Wednesday, August 10, 2011
Monday, August 1, 2011
Filmed via iPhone on 7/28/11 at the NY Premiere of FAKE IT SO REAL at Rooftop Films.
Featuring Rooftop Artistic Director Mark Rosenberg and that good-for-nothing, know-it-all, conceited, arrogant, self-centered prick director Robert Greene working under the mask.
Sunday, June 19, 2011
Saturday, June 18, 2011
Friday, June 17, 2011
Friday, January 21, 2011
A Top 10 (11)
A quick note: It's all the rage to talk about "heterodox" or "films blurring the lines between real and fiction" and whatnot, so I guess add me to the pile. Except really who gives a shit? These debates are so old and tired. The main-streaming of the question about the relationship between documentary and fiction has, of course, only obscured the real issues and simplified the point. Blah blah blah: docs are works of semi-fiction. Let's move on.
Meanwhile, at last Tuesday's Cinema Eye Honors, the great Al Maysles excoriated the whole program by gently slapping down the idea that "reality" ain't good enough. (Apparently he's never heard his brother's voice calling from off-screen, imitating a character, delivering a key line of dialogue, but whatever.) Al's point was nice. There is Truth. It's not dead, it seems.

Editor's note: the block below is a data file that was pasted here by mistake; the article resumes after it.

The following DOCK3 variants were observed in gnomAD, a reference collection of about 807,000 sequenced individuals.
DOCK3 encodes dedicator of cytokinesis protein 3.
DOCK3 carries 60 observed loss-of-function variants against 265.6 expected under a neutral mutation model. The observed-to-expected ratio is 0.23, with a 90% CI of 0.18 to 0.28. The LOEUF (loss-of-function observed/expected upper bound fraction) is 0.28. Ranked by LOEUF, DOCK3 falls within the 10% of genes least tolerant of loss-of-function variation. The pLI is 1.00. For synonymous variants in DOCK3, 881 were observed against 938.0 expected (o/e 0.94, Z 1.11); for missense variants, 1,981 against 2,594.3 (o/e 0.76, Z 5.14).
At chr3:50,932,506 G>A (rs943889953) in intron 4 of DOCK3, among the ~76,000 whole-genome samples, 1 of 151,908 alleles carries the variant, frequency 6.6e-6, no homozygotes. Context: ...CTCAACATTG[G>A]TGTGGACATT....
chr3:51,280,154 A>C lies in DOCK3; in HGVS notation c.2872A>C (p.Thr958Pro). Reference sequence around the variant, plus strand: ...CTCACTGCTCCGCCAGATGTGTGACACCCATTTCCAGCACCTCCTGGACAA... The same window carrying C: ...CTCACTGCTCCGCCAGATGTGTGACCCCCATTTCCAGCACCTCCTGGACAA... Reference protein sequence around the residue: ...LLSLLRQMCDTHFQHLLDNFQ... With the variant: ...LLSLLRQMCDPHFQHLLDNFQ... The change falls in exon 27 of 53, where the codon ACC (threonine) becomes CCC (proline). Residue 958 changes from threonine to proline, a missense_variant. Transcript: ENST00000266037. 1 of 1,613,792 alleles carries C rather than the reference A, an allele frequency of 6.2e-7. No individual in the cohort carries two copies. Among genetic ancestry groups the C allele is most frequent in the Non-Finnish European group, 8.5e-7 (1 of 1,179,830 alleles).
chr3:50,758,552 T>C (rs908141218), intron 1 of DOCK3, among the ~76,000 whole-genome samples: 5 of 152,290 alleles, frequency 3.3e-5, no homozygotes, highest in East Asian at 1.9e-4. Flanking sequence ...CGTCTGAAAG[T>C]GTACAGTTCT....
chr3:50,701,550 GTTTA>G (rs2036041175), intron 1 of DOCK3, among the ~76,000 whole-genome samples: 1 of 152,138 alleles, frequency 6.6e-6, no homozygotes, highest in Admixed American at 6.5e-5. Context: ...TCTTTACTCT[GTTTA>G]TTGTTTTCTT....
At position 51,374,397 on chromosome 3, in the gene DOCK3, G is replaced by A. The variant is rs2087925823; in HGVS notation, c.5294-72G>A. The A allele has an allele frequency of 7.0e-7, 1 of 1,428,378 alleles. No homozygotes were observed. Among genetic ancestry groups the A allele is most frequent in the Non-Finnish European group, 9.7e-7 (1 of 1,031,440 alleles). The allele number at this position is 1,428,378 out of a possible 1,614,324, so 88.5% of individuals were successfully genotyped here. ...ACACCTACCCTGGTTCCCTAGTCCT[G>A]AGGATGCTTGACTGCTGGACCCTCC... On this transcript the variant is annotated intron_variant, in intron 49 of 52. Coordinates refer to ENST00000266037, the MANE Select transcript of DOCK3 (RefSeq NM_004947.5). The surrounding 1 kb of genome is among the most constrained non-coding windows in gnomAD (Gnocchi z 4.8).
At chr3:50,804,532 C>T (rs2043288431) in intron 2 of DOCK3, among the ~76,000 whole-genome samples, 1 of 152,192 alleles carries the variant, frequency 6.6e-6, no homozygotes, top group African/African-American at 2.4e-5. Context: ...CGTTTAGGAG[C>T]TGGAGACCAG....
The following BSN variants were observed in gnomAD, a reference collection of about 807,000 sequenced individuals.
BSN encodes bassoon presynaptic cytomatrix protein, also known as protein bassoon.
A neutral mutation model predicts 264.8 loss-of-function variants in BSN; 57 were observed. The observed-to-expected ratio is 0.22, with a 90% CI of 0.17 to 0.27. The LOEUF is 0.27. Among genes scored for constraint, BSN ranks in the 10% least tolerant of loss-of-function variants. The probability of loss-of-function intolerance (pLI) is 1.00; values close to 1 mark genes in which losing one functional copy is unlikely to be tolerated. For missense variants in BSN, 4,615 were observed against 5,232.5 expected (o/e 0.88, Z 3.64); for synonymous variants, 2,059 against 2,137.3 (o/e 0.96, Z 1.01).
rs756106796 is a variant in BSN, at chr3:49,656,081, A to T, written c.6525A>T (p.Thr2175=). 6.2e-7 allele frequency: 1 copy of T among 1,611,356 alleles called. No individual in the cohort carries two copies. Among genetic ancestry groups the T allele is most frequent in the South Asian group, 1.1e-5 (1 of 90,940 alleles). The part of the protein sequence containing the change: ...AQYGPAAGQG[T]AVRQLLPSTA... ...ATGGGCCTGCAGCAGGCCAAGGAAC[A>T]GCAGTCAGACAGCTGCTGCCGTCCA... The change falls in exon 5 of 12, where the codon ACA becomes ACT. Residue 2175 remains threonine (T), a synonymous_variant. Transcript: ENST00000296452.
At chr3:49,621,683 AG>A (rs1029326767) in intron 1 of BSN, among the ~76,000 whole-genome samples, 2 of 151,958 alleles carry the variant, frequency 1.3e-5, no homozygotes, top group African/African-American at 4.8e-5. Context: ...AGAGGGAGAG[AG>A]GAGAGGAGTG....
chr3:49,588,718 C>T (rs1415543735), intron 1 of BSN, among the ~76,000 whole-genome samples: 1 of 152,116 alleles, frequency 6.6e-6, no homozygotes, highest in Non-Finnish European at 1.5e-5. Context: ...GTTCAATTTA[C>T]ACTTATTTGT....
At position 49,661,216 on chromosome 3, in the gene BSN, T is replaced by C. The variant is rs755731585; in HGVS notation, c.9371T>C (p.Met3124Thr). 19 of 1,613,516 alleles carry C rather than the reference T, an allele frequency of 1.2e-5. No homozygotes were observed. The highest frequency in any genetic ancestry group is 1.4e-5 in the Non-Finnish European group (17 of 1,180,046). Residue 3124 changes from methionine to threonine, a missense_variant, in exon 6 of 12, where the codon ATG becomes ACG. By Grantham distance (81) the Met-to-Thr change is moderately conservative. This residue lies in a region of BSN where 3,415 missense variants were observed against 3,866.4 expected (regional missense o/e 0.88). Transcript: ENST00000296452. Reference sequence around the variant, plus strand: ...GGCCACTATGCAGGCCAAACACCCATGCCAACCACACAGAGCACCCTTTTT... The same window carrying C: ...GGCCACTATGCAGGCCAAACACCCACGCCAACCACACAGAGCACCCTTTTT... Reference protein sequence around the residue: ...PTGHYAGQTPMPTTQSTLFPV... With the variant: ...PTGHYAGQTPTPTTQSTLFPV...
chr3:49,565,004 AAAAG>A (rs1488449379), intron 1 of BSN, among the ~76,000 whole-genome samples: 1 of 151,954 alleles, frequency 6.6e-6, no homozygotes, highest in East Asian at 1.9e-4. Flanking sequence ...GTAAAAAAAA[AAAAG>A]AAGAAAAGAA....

These 11 films in my top ten list got at the Truth in a bunch of different ways. Some of these aren't documentaries, but I'll be goddamned if they're fiction. I don't like those kinds of movies.
1. LE QUATTRO VOLTE (Frammartino)
A perfectly strange film that annihilates the already blurred lines of fact/fiction.
2. ON THE OTHER SIDE OF LIFE (Brockhaus/Wolff)
Viciously overlooked, controversial in some circles, truly mesmerizing and weirdly honest about it's own flaws.
3. IT FELT LIKE A KISS (Curtis)
A bit of an answer to the critics who say Curtis' writing is too confident in its own correctness. He shuts up and wins the argument anyway.
4. NY EXPORT: OPUS JAZZ (Lipes/Joost)
A record of the filming of a great dance. The details and sounds tell us the film is happening. The frame and pace is pure cinema.
5. RESTREPO (Junger/Hetherington)
Great cinematic reportage.
6. MARWENCOL (Malmberg)
Jeff Malberg found a zany, thoughtful, engrossing and genuinely talented subject and didn't fuck up his story. Very difficult, actually.
7. I'M STILL HERE (Affleck)
Phoenix gives an all-time great performance as himself and Affleck proves my GERRY-inspired adoration was not misplaced.
8. EXIT THROUGH THE GIFT SHOP (Banksy)
9. THE OATH (Poitras)
Laura Poitras is inventing and perfecting a brand of cinematic journalism that is character-based and beautiful and will influence documentary for generations.
10. LAST TRAIN HOME (Fan)
(t) GASLAND (Fox)
Two magical "issue" films that understand "cinema" must come first or "message" is meaningless.